Guest post written by Jo Custer.
The lifecycle of documentaries aspiring to global visibility begins each year at Sundance mid-January and ends in December when Oscar nomination voting begins. Of the five nominated this year, four premiered quietly at Robert Redford’s House of Docs, while The Gatekeepers — a series of interviews with former heads of Shin Bet, Israel’s NSA and CIA in one — slipped into the running even more quietly via Telluride, after its Jerusalem debut.
Film writers often tout the launching success of the year’s first Academy qualifying festival and can even present bias which may be attributable to the competition structure, as the Wall Street Journal did when it printed that Kirby Dick’s expose on the treatment of military rape victims, The Invisible War, would be one to watch but overlooked How to Survive a Plague, David France’s long, slow grip on the fight to normalize healthcare for AIDS victims. Both nominees were in the U.S. documentary competition. Only one of the WSJ‘s picks for Sundance-projected success came from the world cinema documentary competition, and it wasn’t Searching for Sugarman, Malik Bendjelloul’s bizarre tale of a Detroit singer/songwriter who recorded two flop albums and then quietly became a demi-god in apartheid-era South Africa. Nor was it 5 Broken Cameras, in which Guy Davidi chronicles Palestinian Emad Burnat’s inability to keep a camera operational in the suffocating presence of the Israeli Army.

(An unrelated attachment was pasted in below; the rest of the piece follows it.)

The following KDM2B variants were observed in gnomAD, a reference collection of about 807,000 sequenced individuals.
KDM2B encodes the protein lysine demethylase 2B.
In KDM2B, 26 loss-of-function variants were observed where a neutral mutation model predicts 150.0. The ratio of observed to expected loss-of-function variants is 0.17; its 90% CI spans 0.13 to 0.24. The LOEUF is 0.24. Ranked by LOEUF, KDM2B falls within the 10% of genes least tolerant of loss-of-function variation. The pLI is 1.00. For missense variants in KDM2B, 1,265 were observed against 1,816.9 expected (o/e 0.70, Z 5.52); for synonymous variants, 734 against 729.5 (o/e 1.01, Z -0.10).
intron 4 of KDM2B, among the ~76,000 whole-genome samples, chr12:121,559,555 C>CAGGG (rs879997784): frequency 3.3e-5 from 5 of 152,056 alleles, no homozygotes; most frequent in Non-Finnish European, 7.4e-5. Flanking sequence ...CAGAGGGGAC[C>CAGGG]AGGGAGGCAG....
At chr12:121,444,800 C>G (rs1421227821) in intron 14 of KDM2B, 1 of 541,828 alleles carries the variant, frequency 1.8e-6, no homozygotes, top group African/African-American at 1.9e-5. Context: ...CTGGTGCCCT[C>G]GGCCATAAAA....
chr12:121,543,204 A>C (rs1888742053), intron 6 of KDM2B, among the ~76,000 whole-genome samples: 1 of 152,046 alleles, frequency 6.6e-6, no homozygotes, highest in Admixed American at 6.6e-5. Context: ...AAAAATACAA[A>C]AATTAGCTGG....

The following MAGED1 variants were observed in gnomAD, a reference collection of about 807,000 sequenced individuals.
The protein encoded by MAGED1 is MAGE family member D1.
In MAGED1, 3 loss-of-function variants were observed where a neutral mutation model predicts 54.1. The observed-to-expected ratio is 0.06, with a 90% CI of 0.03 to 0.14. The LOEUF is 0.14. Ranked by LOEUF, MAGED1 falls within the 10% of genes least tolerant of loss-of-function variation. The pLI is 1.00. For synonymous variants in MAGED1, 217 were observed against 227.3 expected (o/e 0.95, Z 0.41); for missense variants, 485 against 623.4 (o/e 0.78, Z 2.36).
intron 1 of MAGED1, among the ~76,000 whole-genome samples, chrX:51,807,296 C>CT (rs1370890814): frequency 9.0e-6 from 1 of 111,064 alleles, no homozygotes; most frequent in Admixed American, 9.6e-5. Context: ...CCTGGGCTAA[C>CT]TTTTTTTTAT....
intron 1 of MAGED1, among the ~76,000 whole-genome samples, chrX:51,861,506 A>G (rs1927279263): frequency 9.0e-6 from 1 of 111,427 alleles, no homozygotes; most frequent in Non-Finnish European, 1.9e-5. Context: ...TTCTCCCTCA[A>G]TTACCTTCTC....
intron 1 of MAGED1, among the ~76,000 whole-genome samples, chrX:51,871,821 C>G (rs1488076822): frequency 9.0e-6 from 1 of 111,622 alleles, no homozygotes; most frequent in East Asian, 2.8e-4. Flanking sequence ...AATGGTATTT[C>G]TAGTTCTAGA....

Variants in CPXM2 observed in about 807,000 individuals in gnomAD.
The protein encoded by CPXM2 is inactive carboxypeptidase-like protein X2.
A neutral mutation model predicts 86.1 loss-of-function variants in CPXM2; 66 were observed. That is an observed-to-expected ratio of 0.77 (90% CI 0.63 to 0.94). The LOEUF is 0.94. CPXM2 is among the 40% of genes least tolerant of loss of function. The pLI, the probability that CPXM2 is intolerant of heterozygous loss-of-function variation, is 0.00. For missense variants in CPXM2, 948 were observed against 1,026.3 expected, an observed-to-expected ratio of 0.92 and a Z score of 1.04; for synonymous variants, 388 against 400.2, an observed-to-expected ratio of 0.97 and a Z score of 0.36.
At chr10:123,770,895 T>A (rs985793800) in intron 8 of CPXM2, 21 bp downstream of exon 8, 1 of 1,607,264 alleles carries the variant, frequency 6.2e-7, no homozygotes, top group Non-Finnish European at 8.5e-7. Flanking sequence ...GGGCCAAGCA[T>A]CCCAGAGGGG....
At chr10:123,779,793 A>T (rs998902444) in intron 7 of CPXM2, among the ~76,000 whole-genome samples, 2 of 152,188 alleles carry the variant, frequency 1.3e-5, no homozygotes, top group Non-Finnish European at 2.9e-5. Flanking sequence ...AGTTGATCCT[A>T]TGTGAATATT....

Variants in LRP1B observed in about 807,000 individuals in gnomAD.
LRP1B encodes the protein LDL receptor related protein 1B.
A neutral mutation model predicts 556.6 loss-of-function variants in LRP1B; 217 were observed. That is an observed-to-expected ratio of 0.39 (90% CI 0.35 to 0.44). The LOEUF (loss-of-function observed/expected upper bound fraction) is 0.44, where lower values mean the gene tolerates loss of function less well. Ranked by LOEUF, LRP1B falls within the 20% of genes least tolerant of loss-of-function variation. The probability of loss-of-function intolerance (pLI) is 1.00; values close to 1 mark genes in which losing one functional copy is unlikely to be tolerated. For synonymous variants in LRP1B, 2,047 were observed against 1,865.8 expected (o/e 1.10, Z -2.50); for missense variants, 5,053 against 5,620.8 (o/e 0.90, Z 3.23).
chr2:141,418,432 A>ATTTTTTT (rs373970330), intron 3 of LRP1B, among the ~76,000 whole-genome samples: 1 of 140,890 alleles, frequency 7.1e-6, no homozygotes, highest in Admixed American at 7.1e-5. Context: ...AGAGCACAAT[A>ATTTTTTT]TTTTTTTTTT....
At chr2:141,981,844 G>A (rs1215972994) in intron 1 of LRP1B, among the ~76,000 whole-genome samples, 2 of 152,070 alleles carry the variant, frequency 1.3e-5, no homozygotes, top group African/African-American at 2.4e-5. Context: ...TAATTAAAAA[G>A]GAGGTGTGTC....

Without conflating the already hard to separate issues of press-generated success vs. Oscar-generated success, this year’s most monetarily rewarding mark of honor has drawn five films. That’s five films from a pool that increases yearly at a hard-to-measure growth rate. When Sundance first created the House of Docs in 1999, theatrical releases of non-fiction films represented less than two percent of all releases, according to figures collected from Box Office Mojo. Since 2001 non-fiction theatrical releases have grown, sometimes doubling or tripling in a year until in 2011 documentaries comprised 18% of all films released.